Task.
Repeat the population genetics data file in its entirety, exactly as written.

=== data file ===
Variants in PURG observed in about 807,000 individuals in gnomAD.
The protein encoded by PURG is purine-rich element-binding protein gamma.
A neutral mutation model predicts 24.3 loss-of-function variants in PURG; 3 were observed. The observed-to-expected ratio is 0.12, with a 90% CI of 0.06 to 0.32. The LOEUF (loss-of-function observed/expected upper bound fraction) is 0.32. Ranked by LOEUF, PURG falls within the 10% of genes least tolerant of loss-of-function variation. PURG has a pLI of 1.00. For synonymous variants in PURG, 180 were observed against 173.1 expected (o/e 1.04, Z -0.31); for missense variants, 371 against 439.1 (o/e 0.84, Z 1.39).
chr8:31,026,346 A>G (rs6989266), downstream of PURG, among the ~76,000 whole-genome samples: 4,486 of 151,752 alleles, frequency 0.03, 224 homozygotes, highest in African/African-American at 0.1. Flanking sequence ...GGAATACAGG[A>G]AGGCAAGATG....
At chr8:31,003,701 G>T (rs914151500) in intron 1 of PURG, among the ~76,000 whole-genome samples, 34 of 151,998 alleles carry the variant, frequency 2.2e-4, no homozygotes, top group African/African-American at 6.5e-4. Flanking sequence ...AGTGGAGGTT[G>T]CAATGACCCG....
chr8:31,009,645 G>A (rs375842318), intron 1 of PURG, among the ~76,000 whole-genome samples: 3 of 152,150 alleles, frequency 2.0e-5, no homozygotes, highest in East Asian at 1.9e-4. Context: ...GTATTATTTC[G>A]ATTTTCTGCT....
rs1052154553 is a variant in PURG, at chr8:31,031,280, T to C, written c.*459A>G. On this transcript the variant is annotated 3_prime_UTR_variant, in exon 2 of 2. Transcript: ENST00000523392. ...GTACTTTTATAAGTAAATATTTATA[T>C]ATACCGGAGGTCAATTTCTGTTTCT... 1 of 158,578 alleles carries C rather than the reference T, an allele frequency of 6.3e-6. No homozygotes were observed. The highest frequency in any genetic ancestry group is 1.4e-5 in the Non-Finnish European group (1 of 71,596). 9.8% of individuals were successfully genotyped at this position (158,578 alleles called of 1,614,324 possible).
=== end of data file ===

Variants in PURG observed in about 807,000 individuals in gnomAD.
The protein encoded by PURG is purine-rich element-binding protein gamma.
A neutral mutation model predicts 24.3 loss-of-function variants in PURG; 3 were observed. The observed-to-expected ratio is 0.12, with a 90% CI of 0.06 to 0.32. The LOEUF (loss-of-function observed/expected upper bound fraction) is 0.32. Ranked by LOEUF, PURG falls within the 10% of genes least tolerant of loss-of-function variation. PURG has a pLI of 1.00. For synonymous variants in PURG, 180 were observed against 173.1 expected (o/e 1.04, Z -0.31); for missense variants, 371 against 439.1 (o/e 0.84, Z 1.39).
chr8:31,026,346 A>G (rs6989266), downstream of PURG, among the ~76,000 whole-genome samples: 4,486 of 151,752 alleles, frequency 0.03, 224 homozygotes, highest in African/African-American at 0.1. Flanking sequence ...GGAATACAGG[A>G]AGGCAAGATG....
At chr8:31,003,701 G>T (rs914151500) in intron 1 of PURG, among the ~76,000 whole-genome samples, 34 of 151,998 alleles carry the variant, frequency 2.2e-4, no homozygotes, top group African/African-American at 6.5e-4. Flanking sequence ...AGTGGAGGTT[G>T]CAATGACCCG....
chr8:31,009,645 G>A (rs375842318), intron 1 of PURG, among the ~76,000 whole-genome samples: 3 of 152,150 alleles, frequency 2.0e-5, no homozygotes, highest in East Asian at 1.9e-4. Context: ...GTATTATTTC[G>A]ATTTTCTGCT....
rs1052154553 is a variant in PURG, at chr8:31,031,280, T to C, written c.*459A>G. On this transcript the variant is annotated 3_prime_UTR_variant, in exon 2 of 2. Transcript: ENST00000523392. ...GTACTTTTATAAGTAAATATTTATA[T>C]ATACCGGAGGTCAATTTCTGTTTCT... 1 of 158,578 alleles carries C rather than the reference T, an allele frequency of 6.3e-6. No homozygotes were observed. The highest frequency in any genetic ancestry group is 1.4e-5 in the Non-Finnish European group (1 of 71,596). 9.8% of individuals were successfully genotyped at this position (158,578 alleles called of 1,614,324 possible).